|Ecstasy and Enlightenment: The Ismaili Devotional Literature of South Asia|
London: I.B. Tauris in association with The Institute of Ismaili Studies, 2002, pp xxii + 183.
ISBN (Hardback): 1 86064 758 8
ISBN (Paperback): 1 86864 828 2
Remember the name of the Lord
And light will emerge within you;
Taste the nectar of love
And ecstasy will overwhelm you.
Translated from Candrabhan, a ginan attributed to Pir Shams.
This publication brings together a number of essays by the author on the devotional and mystical literatures of the Nizari Ismailis in the Indian subcontinent. Most of these essays–some published previously in journals or collective volumes and others appearing here for the first time–focus on the ginans, a large corpus of hymns and poems composed in a variety of Indic languages and attributed to a series of preacher–saints who propagated Ismaili Islam in the subcontinent over several centuries.
In his Introduction to the volume, the author situates the development of the Ismaili tradition in South Asia within three cultural contexts. The first is the broad historical perspective of the Ismaili tariqa as it has manifested and evolved in many different parts of the Muslim world. The second is the Indo–Muslim framework of the growth of Muslim institutions and movements in the Indian subcontinent. The third is the Indic context in which the Ismaili tradition interacted with various local cultures and folk traditions and indigenous religious groups such as the Sufis, bhaktas, sants and yogis.
It is against the background of these three, overlapping cultural contexts that Dr Asani proceeds in subsequent chapters to explore specific aspects of the ginans, such as their history, themes, prosody and melodies; the devotional character of the ginans and their role in Ismaili religious life; the symbolism of divine love and spiritual marriage in the ginans; and a discussion of some of the questions connected with the issue of authorship of the ginans. There is also a chapter on the development of the git tradition as a related but separate genre of religious poetry among the Ismailis.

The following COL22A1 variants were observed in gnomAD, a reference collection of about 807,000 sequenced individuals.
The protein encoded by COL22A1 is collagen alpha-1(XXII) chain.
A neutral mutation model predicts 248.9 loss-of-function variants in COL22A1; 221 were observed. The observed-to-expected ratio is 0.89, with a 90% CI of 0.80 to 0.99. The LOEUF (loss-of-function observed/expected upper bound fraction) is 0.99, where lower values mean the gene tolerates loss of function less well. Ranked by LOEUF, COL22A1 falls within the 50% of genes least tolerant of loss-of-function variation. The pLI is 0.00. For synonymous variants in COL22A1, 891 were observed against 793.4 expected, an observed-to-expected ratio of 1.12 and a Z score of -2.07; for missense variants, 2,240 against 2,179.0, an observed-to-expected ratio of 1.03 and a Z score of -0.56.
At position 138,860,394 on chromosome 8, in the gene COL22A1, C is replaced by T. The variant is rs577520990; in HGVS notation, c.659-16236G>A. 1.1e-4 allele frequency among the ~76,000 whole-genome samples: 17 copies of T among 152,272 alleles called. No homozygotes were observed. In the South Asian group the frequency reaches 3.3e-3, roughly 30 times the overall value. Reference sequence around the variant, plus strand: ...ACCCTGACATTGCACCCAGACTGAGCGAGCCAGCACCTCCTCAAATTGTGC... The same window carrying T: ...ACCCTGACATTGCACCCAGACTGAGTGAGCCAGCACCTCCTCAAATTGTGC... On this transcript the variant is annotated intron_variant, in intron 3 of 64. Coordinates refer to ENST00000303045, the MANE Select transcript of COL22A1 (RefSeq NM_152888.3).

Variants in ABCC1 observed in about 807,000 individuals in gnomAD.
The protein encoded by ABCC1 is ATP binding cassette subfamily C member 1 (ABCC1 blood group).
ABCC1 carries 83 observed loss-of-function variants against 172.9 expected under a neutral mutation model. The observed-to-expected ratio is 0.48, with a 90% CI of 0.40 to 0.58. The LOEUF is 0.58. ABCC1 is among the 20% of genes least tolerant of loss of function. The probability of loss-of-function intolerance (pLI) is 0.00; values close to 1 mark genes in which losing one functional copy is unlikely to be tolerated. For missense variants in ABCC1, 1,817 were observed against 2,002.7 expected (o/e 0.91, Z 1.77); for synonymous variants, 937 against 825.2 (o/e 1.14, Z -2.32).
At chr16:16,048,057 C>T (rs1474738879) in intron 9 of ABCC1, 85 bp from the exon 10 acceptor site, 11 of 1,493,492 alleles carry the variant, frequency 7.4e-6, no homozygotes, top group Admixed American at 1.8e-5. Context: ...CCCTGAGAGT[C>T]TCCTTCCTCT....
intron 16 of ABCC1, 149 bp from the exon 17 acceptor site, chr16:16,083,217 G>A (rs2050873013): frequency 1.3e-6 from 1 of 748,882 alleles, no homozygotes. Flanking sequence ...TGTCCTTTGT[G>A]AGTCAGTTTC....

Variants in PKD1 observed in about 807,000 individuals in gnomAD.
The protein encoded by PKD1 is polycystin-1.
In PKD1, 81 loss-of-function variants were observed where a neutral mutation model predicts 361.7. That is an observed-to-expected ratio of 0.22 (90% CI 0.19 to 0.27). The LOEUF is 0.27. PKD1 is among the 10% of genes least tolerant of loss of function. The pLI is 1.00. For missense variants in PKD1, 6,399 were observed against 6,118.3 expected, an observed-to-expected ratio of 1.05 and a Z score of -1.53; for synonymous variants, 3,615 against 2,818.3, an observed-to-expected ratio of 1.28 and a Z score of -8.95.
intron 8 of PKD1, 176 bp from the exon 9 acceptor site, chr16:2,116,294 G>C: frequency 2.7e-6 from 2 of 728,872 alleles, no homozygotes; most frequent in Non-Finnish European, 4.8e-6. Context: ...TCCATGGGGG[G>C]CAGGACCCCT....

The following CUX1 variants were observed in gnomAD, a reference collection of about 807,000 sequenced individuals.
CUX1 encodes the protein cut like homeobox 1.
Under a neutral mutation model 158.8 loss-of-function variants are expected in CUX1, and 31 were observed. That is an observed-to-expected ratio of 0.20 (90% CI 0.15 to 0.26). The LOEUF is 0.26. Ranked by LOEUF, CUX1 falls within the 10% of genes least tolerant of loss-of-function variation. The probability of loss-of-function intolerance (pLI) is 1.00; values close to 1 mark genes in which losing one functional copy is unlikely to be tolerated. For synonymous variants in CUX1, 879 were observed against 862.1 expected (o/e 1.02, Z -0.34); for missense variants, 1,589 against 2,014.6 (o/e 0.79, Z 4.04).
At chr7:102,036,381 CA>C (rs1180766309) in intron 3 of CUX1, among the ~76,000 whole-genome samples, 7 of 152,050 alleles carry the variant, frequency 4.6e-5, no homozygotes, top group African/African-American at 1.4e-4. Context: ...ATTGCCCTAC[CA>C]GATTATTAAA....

The final two essays are devoted to an examination of the unique Khojki script in which the ginans came to be recorded and which has been hitherto little studied by scholars. Originating in Sind around 10th/16th century, Khojki was developed by the Ismailis of South Asia with the specific purpose of preserving their literature. Dr Asani provides the first systematic analysis of this script, its phonetic system and manuscript tradition.
The essays in this volume are preceded by a useful Foreword contributed by Professor Annemarie Schimmel, the eminent authority on Islamic mysticism and literary traditions. She notes that ‘Ali Asani’s book is a treasure–trove for everyone who is interested in Ismaili history and thought. It offers important material not only for members of the community, but also to scholars from various branches–be they Islamicists, Indologists, sociologists or historians of religion.’ The book culminates with an appendix of selected mystical and devotional poems in translation.
Illustrations and Tables
Foreword by Professor Annemarie Schimmel
Introduction: The Nizari Ismaili Tradition in South Asia
The Ginans as Devotional Literature: Their Origins, Characteristics and Themes
Bridal Symbolism in the Ginans
The Git Tradition: A Testimony of Love
Reflections on Authority and Authorship of the Ginans
The Khojki Script: A Legacy of Ismaili Islam in the Subcontinent
The Khojki Script and its Manuscript Tradition
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Content Date: January 2002